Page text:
Contract law: Winklevoss twins fail to re-open Facebook case

Contract law: Winklevoss twins fail to re-open Facebook case

Cameron and Tyler Winklevoss, whose story was immortalised in the recent film The Social Network, have again attempted to re-open their contract law case against Mark Zuckerberg, the founder of Facebook, but their appeal has been rejected.

In 2008, the Winklevoss twins were paid an out-of-court settlement of $65million, following their accusation of Zuckerberg for breaking their oral contract. They alleged that Zuckerberg had stolen their idea for a social networking website and had illegally used source code that was meant to be used in the Winklevoss’s own site.

Despite Zuckerberg’s continued denial that he stole the idea of Facebook, in order to put a stop to “rancorous litigation” the twins were given compensation of $20million cash and $45million of stock valued at $36 a share.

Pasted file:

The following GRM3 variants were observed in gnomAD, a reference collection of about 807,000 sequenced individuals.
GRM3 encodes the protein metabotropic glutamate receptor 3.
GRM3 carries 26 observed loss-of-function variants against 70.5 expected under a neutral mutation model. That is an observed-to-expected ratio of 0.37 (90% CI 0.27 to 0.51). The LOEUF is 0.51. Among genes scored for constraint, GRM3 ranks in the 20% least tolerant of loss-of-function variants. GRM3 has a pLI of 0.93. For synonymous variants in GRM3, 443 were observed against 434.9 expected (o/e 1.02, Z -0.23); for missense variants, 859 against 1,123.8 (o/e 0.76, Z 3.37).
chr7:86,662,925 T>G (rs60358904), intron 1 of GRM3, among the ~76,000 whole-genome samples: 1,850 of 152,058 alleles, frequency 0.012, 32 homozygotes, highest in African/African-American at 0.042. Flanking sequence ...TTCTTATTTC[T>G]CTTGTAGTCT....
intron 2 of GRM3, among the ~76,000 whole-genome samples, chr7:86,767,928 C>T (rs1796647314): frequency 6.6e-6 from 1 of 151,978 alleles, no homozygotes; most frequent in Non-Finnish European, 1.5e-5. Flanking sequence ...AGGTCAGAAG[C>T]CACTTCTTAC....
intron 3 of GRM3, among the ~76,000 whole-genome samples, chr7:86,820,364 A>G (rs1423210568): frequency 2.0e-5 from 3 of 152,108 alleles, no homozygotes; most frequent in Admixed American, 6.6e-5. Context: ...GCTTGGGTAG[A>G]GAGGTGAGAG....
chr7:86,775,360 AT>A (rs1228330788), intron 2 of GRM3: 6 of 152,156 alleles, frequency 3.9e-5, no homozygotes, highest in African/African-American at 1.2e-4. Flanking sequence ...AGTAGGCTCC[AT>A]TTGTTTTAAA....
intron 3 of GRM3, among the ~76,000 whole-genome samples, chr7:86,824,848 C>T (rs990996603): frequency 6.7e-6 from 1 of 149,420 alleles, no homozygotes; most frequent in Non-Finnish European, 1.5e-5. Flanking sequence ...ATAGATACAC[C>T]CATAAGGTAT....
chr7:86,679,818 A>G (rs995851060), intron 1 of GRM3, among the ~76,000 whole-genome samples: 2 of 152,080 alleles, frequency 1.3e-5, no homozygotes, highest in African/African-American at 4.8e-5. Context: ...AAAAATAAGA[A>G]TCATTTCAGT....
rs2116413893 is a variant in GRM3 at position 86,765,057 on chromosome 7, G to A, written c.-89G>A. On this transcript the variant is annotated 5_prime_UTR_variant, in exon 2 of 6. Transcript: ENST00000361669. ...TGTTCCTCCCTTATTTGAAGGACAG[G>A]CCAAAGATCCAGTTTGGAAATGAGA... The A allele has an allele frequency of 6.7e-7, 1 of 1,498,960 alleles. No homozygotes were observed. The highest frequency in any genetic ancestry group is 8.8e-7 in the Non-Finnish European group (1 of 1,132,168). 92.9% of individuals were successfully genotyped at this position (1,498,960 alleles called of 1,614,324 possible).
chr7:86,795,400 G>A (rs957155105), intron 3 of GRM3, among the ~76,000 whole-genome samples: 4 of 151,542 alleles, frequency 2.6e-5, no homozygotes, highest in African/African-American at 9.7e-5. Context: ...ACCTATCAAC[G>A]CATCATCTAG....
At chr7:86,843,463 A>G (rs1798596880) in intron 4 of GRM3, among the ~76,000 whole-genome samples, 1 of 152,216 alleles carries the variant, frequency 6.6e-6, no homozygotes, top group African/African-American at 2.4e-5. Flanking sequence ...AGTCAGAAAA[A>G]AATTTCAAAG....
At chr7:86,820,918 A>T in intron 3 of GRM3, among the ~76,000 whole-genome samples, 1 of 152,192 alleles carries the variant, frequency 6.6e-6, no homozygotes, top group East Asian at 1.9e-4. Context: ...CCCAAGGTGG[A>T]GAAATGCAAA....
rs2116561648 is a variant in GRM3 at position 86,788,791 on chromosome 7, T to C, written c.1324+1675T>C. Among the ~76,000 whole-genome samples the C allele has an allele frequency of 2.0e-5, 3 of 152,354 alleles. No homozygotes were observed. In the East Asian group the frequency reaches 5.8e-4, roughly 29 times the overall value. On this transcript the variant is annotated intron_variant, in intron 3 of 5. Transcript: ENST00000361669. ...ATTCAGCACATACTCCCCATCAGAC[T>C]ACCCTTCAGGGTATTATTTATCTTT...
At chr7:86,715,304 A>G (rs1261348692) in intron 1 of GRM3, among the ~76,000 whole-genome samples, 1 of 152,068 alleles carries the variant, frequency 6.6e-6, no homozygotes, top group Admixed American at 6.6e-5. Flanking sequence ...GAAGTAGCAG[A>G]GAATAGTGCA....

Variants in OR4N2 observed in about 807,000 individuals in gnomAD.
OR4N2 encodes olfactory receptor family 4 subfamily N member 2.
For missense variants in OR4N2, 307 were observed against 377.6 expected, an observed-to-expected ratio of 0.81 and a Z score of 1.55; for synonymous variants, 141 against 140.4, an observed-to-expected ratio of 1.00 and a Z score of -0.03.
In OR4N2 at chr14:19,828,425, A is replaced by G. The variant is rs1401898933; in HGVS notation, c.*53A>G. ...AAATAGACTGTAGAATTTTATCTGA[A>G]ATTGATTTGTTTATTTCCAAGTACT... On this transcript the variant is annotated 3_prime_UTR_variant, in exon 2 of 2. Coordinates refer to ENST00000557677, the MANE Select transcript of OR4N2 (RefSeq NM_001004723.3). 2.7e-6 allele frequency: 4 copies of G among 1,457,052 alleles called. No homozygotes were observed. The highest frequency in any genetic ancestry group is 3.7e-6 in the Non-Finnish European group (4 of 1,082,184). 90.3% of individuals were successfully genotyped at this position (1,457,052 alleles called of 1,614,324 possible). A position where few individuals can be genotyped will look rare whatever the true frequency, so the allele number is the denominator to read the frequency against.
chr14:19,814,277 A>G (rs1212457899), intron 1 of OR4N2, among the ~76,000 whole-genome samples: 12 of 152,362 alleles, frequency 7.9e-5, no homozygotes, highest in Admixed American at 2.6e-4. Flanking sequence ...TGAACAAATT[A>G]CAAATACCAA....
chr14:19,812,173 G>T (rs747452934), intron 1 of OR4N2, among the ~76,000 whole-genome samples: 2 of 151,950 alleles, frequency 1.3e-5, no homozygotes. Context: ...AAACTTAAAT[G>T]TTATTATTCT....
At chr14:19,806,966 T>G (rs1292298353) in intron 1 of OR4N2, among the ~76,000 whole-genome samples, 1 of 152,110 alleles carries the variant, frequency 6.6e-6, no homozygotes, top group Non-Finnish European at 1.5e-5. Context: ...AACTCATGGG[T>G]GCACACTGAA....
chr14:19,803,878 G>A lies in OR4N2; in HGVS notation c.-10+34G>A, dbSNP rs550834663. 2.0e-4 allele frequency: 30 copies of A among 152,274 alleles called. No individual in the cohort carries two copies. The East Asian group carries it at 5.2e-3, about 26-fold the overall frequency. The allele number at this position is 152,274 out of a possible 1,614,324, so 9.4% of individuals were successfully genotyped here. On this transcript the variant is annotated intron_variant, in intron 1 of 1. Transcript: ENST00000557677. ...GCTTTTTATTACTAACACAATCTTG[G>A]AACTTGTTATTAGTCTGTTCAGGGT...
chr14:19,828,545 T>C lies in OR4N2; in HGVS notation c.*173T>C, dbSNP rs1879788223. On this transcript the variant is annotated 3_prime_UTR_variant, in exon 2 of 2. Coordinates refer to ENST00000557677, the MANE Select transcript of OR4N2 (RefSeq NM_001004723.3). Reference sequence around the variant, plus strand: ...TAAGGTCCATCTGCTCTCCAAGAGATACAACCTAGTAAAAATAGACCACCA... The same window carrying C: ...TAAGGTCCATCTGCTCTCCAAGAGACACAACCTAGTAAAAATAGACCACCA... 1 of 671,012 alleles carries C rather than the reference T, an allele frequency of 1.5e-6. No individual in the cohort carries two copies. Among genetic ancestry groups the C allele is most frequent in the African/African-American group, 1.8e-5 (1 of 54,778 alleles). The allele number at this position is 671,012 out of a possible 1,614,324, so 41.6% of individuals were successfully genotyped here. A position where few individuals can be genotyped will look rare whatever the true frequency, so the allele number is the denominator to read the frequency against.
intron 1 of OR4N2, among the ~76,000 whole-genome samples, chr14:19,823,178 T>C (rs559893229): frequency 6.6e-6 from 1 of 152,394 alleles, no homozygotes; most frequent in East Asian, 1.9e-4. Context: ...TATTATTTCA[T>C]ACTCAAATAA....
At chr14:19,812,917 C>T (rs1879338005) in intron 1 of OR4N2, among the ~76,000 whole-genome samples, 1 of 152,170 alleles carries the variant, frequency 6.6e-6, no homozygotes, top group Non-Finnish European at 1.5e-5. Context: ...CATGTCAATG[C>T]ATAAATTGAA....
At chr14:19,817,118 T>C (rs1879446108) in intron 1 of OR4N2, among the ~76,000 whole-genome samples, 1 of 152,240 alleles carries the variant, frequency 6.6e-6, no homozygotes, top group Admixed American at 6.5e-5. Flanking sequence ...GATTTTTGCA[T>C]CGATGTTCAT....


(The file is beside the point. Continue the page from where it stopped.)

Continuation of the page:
But now they claim they should have been given considerably more money. They believe that Facebook misrepresented the value of the shares.

The Winklevosses asked for a panel of 11 judges to review the previous decision. In April, just three appeal judges sat on the panel. They decided to prevent a new case opening and to let the previous judgement stand.

The appeal judges said, “The Winklevosses are not the first parties bested by a competitor who then seek to gain through litigation what they were unable to achieve in the marketplace.”

“At some point, litigation must come to an end. That point has now been reached.”

The twins’ lawyer, Jerome Folk, has stated that they will now appeal to the Supreme Court.

Related links:
Read more on this story (BBC)
Learn about protecting your intellectual property (FindLaw)
Find local contract solicitors throughout the UK (FindLaw)

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